The Seder will be on the 18th as for corporate worship well there will be a Pastor and about 60 people there. That could be considered corporate worship even if not everyone is a member of the church.
I really don't see how this could be considered "corporate worship" since the elements of CP are missing; public pure preaching of the gospel, right administration of the sacraments and church discipline. However, since the Seder was celebrated by alleged believers
how is it that they are allowing unbelievers to take part in it? The Lord's Supper is restricted to those who are professing members of the Church and who are able and have examined themselves before participating.
Number 3 is the sticking point for me. I know it is popular among some "evangelicals" to do Messianic Seders so to get in touch with their Old Testament side and experience the Jewish "roots". But I don't see the point.... however I do think there might be a streak of Theonomy in this but I can't say for sure.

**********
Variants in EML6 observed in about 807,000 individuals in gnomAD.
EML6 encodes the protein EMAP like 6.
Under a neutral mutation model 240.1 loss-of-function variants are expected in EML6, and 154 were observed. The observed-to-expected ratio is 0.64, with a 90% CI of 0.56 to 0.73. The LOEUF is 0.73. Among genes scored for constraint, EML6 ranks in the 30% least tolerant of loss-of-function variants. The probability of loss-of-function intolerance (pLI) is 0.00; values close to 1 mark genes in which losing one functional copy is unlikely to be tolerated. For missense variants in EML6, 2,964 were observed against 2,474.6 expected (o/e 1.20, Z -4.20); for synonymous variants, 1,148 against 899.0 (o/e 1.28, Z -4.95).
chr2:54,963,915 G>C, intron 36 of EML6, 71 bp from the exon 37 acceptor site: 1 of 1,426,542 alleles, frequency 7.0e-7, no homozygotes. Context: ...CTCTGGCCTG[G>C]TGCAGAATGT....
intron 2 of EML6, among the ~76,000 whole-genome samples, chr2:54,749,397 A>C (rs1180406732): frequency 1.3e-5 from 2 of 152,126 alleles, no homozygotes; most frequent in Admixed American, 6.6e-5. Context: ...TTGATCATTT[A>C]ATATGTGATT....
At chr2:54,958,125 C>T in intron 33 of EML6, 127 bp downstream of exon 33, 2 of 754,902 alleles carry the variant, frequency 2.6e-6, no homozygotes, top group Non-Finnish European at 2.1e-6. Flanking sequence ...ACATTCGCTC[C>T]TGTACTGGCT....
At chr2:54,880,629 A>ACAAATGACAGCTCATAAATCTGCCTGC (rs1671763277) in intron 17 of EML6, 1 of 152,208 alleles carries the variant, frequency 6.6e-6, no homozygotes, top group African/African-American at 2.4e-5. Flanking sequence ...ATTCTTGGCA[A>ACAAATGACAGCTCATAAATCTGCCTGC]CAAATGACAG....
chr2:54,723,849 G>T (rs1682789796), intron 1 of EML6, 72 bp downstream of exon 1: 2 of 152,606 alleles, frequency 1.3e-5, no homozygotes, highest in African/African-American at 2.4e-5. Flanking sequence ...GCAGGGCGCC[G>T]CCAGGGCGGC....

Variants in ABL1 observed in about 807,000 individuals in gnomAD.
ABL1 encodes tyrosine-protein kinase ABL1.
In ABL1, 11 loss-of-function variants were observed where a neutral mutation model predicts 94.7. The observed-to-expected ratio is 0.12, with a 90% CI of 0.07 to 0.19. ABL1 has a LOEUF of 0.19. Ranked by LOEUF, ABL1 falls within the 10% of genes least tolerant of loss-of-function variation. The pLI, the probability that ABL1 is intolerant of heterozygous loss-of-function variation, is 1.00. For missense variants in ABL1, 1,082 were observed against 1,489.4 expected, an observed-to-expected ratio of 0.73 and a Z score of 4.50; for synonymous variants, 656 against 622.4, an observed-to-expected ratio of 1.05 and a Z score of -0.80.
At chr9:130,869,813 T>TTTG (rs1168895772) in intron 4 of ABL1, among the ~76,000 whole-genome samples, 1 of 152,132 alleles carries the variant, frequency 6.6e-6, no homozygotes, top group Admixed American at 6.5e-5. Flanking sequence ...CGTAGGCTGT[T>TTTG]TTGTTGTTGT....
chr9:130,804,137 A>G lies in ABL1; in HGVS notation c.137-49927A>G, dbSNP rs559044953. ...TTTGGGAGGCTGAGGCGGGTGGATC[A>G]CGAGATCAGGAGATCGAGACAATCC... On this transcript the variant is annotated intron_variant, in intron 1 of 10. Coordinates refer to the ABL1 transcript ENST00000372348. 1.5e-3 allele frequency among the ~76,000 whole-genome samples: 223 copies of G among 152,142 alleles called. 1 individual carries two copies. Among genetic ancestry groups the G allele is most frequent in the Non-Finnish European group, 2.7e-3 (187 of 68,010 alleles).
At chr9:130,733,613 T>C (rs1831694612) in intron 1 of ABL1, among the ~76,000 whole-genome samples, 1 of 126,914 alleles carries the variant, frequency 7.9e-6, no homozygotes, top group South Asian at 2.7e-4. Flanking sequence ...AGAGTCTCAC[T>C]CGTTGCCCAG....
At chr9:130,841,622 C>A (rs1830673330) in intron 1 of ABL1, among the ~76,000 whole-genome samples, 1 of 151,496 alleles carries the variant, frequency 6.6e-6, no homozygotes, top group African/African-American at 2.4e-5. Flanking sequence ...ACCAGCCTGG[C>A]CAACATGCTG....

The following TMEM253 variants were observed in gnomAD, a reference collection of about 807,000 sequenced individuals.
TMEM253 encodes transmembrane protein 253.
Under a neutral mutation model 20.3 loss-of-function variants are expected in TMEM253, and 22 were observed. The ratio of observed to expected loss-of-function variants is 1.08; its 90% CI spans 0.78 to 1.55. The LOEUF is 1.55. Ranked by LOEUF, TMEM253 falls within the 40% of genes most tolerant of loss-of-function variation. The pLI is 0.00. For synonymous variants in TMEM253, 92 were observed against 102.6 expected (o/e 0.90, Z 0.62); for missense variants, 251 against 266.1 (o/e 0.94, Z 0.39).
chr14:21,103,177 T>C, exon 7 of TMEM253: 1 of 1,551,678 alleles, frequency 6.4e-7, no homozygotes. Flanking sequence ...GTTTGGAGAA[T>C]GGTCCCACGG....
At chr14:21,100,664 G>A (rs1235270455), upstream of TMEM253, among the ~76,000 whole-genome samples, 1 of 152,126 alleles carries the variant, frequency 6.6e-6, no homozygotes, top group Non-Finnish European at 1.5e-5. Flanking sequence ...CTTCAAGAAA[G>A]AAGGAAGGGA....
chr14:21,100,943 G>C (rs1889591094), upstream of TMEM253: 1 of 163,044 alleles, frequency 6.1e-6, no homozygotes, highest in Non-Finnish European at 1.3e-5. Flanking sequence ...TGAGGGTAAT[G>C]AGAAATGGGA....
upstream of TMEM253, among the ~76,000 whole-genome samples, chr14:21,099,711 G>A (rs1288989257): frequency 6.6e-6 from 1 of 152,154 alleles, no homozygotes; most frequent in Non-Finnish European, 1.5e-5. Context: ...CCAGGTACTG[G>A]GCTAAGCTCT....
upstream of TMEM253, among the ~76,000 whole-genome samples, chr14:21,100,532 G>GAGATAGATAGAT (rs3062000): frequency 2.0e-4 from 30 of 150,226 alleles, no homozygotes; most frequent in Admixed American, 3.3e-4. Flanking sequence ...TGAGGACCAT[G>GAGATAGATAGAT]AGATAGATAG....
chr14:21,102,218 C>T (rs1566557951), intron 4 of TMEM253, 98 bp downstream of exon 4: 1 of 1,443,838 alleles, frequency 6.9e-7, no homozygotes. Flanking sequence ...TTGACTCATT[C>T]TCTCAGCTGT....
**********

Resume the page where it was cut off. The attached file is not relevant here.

Actually, when I read your post, the first thing that popped into my pea brain was "EMERGENT CHURCH". Such practices are very popular in emergent church circles; going back to the ancient ways, but without understanding the progressive revelation aspect of God's revealed will in Scripture. Types and shadows apparently have no impression upon them and thus the antitypes (fulfillment) of them means little as well. What it all comes down to, as far as I'm concerned, is a lack of recognition of the authority of Scripture and thus of God Himself, the author of it. Personally, I've not heard of any Theonomists celebrating the Seder, but my lack of association with them is hardly any basis for saying they don't do so. Addendum:
I should have added, but I was in a rush when I wrote the above, that there is another element which should be considered; the Regulative Principle of Worship. Although the RP is in regard to the matter of corporate worship, it still has and should have some influence on the worship of God, both ecclesiastically (within the Church) and personal. The foundational principle is that nothing is to be done in the worship of God which is not specifically commanded in Scripture or by example. Adding to or removing that which God has willed in regard to His worship is a serious matter and amounts to idolatry, i.e., 'will worship'; that which man deems is acceptable vs. what God deems acceptable.
You certainly have no warrant to charge this pastor with "falling into Judaism", but if I were you, I would definitely ask him to explain his motivation and warrant to do such a thing.Inquiring minds wanna know!